I’ve heard Bill Hybels talk about times when the team at Willow Creek had performed exceptionally well, and how afterwards he would become a one-man “thanking machine”.
I’ve filed that lesson away, remembering it in the form of an axiom, “Leaders must be Thankers”.
Today, God used an eight year old girl from the KwaMaphumulo area of South Africa to remind me of the power of this axiom.
As we continued our journey through South Africa along with a group of Canadian pastors, we were given the tremendous privilege of visiting our eight year old World Vision sponsor child at her home. I had visited her last year, but now with my wife Nora along, and with a year’s more relationship established through our correspondence, anticipation was running high on both sides.
Our reunion, and Nora’s first meeting with her, was everything I could have hoped for, and then some. Through hugs and tears of joy, Nora opened a bag containing simple gifts we had brought along for her, and her two sisters; pencil crayons, stickers, photos, and writing pads, which our girl accepted with Christmas morning-like joy.
But then, far too soon, we realized that we had to leave. But as we turned to go something extraordinary happened.
Our girl suddenly dashed away from us and disappeared inside her house. We simply assumed that she was either overcome with sadness at our parting, or perhaps wanted to start drawing with her new pencil crayons. Either way, we simply turned and began to walk back up the path.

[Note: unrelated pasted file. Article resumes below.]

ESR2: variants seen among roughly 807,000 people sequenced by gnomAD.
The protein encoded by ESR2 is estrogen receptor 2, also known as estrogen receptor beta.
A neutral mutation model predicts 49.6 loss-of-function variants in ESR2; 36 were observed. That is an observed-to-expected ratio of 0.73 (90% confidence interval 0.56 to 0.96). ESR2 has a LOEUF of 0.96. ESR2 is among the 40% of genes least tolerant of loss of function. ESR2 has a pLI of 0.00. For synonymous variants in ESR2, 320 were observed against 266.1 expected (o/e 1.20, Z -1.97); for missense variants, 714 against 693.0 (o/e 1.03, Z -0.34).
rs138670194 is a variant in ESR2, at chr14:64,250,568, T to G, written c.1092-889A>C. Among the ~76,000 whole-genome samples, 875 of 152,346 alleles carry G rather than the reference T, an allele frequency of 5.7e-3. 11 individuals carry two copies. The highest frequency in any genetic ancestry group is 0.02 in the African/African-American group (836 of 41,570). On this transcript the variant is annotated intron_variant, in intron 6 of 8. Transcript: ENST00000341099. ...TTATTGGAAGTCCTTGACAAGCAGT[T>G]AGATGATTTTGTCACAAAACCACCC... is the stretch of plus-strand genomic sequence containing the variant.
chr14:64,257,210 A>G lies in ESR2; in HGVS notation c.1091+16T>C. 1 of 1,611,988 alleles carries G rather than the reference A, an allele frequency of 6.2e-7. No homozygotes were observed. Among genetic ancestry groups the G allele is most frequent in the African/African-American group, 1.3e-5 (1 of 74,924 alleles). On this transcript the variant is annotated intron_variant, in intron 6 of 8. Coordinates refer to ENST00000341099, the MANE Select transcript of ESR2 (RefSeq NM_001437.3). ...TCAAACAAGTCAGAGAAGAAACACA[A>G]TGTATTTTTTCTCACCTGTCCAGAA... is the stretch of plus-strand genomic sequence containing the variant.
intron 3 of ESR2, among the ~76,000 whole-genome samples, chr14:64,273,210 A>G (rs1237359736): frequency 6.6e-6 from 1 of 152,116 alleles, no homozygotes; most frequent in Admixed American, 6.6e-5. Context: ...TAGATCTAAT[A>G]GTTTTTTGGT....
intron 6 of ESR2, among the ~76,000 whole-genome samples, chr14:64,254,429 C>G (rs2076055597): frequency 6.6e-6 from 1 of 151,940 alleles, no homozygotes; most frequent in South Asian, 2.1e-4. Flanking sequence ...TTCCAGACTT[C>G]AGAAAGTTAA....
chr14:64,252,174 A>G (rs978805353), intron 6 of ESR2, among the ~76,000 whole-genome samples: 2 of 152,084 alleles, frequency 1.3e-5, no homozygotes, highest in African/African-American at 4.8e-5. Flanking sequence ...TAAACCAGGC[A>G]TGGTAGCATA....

But moments later we heard a small voice behind us yelling something in her native Zulu language. We turned to see our girl running to catch up to us, her face beaming, clutching items she had gathered from her home.
In her arms she was cradling a large bottle of Coca-Cola, an item so large she had to carry it like a baby. Dangling from her hands were packages of cookies.
We met her along the path, not exactly sure what she was doing. She held the pop bottle and the cookies out towards us and spoke hurriedly in Zulu. We were able to make eye contact with our interpreter, who immediately listened, understood, and explained.
“Your sponsored child wishes to say thank you for all you have done,” she said. “And she wishes to show her appreciation with this gift.”
More embraces were exchanged, as we choked back tears in accepting these gifts of thanks; a bottle of Coke. Two packages of cookies.
Obviously, my greatest take-away from this was simply humble gratitude that, as a World Vision child sponsor, I was able to be a part of an encounter as meaningful as this.
But as a leader, my bell was also rung yet again in this simple, yet important reminder of the power of a “thank you”.
Leaders must be “thankers”. And I trust that through this experience this axiom will grow and shape my own leadership.
How do you respond to the idea that a leader must be a thanker?
How do you put this into action in your leadership?